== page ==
Empty Promises, Pete Wilson. My brother and I started a mini book club of sorts this summer, just reading through some things and discussing them each week. This was the first book we started with, though neither of us felt particularly moved by it. It’s certainly not a bad book, and does a good job dealing with issues of idolatry, but I was unable to relate to many of the examples in the book and didn’t feel it went deep enough on some topics.

Ender’s Game, Orson Scott Card. Having been on a science fiction kick for a couple of years now, and with the Ender’s Game movie coming out this last fall, I decided to finally read the book. I still haven’t seen the movie, and at this point I’m not sure that I want to… given how much of this book really happens inside Ender’s head, I just don’t see how you can really do it justice on film. It was not hard at all to see why this book won so many awards - it’s simply fantastic.

Speaker for the Dead, Orson Scott Card. This is the next book in the Ender series, and by far my favorite so far. Of course, I’ve only read the two, but I absolutely loved Speaker for the Dead. It has a much more mature Ender dealing with incredibly complex issues around the sanctity of life, the essence of humanity, and the many spiritual implications that come along with those questions. I’ve heard less than stellar things about the next book in the series, Xenocide, so I may end up stopping here, but that’s fine with me… it’s really a phenomenal story.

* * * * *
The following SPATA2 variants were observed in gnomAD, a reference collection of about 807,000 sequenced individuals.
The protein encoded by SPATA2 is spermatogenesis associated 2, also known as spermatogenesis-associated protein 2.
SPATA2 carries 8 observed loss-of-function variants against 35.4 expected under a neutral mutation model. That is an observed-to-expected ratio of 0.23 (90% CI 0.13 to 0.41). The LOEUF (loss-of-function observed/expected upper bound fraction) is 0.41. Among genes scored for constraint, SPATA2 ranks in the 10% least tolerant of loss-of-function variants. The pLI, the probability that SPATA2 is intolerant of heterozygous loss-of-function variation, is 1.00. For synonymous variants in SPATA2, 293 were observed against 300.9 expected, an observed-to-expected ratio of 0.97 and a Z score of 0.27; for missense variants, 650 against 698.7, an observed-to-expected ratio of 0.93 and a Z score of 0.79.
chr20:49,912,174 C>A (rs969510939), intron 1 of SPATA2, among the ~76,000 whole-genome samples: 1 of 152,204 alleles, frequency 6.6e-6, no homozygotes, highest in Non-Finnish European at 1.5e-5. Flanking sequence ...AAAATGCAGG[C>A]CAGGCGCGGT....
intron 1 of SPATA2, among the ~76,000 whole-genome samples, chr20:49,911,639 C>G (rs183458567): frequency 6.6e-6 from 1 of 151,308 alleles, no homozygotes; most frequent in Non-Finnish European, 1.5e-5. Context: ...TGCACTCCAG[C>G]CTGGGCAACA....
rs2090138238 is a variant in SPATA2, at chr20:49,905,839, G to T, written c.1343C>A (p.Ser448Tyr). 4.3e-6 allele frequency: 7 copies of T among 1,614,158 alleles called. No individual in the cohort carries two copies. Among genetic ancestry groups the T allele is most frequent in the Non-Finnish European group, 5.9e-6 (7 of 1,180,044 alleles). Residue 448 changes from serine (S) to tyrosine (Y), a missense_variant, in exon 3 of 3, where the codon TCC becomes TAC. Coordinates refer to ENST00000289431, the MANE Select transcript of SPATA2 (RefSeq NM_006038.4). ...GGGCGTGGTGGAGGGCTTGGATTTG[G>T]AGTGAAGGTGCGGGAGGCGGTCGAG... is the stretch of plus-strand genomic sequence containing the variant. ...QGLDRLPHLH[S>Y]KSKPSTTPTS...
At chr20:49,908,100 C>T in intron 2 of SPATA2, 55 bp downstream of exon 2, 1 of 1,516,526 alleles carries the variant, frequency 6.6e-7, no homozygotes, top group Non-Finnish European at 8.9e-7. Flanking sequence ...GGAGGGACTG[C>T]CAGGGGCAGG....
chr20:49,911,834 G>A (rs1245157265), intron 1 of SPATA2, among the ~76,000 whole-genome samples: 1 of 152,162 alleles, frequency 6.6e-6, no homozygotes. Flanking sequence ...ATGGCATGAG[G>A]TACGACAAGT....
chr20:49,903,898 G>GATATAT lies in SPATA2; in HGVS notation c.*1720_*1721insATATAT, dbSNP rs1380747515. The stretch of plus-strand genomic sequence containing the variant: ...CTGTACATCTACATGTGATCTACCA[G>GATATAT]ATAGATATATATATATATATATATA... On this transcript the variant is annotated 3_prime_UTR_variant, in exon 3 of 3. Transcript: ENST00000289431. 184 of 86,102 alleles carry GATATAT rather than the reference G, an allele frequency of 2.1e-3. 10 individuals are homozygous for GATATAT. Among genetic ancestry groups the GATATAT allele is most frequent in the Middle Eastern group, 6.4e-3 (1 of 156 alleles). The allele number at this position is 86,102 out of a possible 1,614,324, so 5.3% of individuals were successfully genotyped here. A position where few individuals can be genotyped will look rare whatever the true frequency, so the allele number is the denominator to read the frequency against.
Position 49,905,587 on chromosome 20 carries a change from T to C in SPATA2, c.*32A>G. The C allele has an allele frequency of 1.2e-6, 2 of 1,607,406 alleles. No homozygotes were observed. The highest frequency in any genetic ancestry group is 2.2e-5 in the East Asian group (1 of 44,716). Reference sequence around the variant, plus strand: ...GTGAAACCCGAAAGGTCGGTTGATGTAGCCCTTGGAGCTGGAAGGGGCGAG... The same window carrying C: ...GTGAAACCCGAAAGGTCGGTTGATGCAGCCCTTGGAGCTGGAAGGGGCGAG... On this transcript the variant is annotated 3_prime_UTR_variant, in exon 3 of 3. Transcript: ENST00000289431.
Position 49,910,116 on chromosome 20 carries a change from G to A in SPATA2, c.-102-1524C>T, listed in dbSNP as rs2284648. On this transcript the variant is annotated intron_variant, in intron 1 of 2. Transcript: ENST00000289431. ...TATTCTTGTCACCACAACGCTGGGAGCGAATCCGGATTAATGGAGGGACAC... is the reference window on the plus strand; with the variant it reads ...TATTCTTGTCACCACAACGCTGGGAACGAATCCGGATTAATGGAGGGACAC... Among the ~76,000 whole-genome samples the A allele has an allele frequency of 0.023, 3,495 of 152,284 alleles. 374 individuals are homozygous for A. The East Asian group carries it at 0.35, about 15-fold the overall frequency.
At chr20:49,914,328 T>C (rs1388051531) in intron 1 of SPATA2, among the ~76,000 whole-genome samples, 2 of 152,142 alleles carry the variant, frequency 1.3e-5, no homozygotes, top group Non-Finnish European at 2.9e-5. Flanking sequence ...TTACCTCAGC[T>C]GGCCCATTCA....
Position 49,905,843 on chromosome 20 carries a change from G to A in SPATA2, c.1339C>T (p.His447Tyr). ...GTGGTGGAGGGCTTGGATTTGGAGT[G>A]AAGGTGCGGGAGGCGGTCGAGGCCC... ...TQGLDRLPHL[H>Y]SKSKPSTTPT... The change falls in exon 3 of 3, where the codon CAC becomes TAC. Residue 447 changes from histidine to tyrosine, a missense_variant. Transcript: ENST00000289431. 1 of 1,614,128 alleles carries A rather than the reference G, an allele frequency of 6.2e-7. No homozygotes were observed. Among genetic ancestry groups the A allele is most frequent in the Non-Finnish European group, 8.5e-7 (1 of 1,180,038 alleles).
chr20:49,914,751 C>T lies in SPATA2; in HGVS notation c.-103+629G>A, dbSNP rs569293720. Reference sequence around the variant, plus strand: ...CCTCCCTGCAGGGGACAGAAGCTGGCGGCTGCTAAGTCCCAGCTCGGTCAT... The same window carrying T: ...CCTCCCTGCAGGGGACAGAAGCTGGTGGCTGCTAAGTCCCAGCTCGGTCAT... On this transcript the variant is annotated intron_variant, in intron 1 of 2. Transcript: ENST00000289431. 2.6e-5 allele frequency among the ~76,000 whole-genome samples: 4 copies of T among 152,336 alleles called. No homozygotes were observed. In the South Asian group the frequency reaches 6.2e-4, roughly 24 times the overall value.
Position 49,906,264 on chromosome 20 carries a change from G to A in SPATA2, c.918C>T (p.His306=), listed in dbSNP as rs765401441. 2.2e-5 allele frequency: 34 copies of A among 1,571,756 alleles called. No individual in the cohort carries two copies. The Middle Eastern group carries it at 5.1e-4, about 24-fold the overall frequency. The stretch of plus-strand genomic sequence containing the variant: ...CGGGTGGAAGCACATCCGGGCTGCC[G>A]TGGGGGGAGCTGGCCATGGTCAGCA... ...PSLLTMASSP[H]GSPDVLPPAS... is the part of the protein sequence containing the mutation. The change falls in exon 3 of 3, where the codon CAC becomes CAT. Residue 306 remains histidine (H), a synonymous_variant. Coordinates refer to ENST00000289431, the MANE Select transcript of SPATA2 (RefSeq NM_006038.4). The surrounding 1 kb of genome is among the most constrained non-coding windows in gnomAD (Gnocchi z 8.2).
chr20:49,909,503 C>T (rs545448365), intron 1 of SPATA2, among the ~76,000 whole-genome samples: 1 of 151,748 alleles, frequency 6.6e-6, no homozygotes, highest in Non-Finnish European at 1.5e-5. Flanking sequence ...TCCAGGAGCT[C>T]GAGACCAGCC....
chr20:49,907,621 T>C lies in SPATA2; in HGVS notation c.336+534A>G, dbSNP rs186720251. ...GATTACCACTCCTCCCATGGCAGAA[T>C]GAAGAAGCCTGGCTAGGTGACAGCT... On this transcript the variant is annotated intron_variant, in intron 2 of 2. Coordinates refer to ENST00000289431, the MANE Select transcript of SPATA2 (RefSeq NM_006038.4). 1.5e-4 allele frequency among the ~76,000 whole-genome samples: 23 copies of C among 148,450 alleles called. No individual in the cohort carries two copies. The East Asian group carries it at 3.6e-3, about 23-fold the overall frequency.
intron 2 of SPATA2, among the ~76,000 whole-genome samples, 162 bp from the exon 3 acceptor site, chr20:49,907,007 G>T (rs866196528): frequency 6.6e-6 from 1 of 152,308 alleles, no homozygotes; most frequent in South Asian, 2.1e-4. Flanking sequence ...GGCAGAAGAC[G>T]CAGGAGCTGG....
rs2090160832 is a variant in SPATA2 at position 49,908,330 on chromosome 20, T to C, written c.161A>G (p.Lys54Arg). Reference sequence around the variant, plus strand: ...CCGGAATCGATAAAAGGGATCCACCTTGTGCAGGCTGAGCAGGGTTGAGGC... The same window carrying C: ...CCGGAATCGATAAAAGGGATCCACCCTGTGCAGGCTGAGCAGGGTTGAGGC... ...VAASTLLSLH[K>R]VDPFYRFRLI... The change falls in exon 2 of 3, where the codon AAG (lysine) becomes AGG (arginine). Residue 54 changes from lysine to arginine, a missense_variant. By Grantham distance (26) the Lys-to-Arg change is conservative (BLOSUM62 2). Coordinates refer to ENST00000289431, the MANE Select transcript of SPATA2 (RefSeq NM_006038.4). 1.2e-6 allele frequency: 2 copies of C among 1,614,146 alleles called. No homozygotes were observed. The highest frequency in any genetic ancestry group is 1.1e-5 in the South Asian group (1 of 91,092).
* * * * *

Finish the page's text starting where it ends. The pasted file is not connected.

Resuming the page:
Little Brother, Cory Doctorow. I’ve mentioned Little Brother once or twice on my site before, and it really is essential reading for anyone that is concerned about the current state of government surveillance or Internet privacy in general.

Homeland, Cory Doctorow. This is the sequel to Little Brother and is similarly a fascinating read. Both of these books were especially fun to read while living in the San Francisco bay area, since both stories take place there and include tons of references to local landmarks. For example, local hacker space Noisebridge is featured pretty prominently in Homeland.

The Practice of the Presence of God, Brother Lawrence. Brother Lawrence was a 17th century French monk who worked primarily as a dish washer and cobbler in the monastery. This book is a compilation of letters he wrote, encouraging others in the faith and describing how he practiced experiencing God’s presence even (and especially) in the most mundane daily tasks. It’s a short but really encouraging read, especially working in an overwhelmingly secular industry.

The Meaning of Marriage, Timothy Keller. Elisabeth and I have read through quite a few marriage books over the last few years, and this was far and away the most impactful. We are actually now going back through this book again with a marriage small group in our church. It’s well worth multiple reads.

The Holy Bible (New King James Version). Elisabeth and I started a “read through the Bible in a year” plan in late 2011. We finished it in late 2013, just shy of two years after started; suffice it to say we didn’t quite read every night. Using the YouVersion app to track your reading plan is great; its “catch me up” feature certainly isn’t perfect, but does help you stay on track when you inevitably miss days. And the chronological reading plan we followed was really fascinating for putting stories into their proper historical context.